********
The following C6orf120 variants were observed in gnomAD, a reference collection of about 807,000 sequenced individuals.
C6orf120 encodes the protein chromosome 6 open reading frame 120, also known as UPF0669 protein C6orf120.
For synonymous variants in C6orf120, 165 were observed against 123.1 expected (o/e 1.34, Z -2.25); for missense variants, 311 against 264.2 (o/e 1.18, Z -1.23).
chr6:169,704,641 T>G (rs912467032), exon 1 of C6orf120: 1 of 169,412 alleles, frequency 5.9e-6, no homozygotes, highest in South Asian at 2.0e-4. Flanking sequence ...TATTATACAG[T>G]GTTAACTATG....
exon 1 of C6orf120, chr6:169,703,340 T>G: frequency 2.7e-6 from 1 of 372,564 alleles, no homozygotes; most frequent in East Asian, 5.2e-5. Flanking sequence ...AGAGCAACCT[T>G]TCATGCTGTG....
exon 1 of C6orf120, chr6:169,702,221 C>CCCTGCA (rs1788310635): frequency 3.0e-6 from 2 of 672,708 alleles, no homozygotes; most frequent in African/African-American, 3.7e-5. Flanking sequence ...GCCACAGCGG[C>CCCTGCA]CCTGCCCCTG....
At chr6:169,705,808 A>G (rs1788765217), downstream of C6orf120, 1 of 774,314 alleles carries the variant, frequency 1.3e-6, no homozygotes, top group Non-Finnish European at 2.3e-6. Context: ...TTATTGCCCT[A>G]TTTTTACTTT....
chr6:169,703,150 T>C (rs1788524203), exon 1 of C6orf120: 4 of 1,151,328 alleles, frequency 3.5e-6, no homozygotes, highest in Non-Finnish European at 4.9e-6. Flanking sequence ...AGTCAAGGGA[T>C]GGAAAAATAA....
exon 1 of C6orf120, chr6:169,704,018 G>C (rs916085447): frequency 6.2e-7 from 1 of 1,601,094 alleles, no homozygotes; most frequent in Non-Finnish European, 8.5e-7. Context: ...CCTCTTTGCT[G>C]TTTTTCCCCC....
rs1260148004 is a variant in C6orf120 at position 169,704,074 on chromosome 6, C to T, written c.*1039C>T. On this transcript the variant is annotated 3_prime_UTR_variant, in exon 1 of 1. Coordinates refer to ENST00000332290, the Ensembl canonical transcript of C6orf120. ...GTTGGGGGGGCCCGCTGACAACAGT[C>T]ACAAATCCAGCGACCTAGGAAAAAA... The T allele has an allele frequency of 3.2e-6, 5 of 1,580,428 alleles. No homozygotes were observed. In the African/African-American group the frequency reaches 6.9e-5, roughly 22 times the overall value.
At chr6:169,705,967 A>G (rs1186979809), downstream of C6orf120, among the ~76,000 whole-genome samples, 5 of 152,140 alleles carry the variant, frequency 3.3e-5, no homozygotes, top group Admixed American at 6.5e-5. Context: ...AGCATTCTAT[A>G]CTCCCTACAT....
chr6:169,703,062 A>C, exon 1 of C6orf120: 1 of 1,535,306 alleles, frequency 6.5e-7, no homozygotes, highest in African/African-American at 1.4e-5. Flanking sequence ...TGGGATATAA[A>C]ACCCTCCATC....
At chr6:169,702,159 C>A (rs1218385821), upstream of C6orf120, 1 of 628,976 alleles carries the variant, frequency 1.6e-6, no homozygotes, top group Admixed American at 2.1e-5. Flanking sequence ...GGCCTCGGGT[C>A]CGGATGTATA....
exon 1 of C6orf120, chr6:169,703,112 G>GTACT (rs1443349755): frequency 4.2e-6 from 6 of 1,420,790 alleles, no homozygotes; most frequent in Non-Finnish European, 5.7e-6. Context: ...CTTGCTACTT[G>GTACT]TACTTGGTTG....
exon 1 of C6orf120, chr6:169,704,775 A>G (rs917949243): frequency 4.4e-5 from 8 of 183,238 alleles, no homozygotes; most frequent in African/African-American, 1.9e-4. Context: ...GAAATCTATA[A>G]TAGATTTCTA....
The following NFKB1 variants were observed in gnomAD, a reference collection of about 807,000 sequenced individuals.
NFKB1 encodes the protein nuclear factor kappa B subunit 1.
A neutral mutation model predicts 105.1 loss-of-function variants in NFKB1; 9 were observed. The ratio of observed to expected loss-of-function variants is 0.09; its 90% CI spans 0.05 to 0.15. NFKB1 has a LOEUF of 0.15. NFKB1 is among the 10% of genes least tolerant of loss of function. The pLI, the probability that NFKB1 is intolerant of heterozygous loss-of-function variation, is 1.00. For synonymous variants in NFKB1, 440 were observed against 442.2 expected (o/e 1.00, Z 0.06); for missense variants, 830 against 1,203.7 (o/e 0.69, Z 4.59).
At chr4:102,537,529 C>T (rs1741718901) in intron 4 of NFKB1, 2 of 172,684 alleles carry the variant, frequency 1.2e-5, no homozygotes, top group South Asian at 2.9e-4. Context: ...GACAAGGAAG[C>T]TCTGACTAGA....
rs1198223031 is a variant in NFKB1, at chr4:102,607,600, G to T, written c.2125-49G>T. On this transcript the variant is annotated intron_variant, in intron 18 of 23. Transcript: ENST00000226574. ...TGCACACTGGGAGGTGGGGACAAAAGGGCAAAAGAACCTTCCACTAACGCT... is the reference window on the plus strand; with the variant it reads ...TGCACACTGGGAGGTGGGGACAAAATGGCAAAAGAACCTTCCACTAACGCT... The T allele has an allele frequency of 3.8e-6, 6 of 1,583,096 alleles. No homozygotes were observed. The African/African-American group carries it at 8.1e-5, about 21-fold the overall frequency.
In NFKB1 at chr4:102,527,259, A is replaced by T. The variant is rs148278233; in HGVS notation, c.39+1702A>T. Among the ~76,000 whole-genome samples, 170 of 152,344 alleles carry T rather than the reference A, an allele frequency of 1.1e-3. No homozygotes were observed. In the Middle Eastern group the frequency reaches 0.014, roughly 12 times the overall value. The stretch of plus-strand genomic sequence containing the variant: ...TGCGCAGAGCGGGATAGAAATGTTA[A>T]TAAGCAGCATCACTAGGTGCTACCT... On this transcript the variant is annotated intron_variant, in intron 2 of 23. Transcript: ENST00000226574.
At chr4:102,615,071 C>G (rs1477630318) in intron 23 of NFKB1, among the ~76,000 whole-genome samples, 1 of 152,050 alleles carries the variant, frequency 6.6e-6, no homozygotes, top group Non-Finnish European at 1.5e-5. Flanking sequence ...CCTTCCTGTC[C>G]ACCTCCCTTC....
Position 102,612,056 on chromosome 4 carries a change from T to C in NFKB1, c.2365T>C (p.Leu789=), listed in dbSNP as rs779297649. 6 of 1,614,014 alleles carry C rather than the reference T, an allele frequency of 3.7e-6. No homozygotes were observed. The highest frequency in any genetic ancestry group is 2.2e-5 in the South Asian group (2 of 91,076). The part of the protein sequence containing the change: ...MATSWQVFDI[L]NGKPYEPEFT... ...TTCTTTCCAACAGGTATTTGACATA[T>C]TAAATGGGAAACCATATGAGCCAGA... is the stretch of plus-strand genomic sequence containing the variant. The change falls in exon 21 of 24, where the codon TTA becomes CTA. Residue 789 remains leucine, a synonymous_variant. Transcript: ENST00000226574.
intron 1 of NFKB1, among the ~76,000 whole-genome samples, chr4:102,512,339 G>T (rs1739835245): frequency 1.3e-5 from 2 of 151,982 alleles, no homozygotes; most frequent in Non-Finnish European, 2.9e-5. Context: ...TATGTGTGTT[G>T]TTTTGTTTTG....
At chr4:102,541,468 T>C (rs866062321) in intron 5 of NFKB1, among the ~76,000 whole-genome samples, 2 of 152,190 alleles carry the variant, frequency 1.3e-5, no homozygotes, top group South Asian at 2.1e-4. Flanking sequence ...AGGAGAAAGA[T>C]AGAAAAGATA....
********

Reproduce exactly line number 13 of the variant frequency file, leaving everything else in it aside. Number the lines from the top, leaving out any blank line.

At chr6:169,702,159 C>A (rs1218385821), upstream of C6orf120, 1 of 628,976 alleles carries the variant, frequency 1.6e-6, no homozygotes, top group Admixed American at 2.1e-5. Flanking sequence ...GGCCTCGGGT[C>A]CGGATGTATA....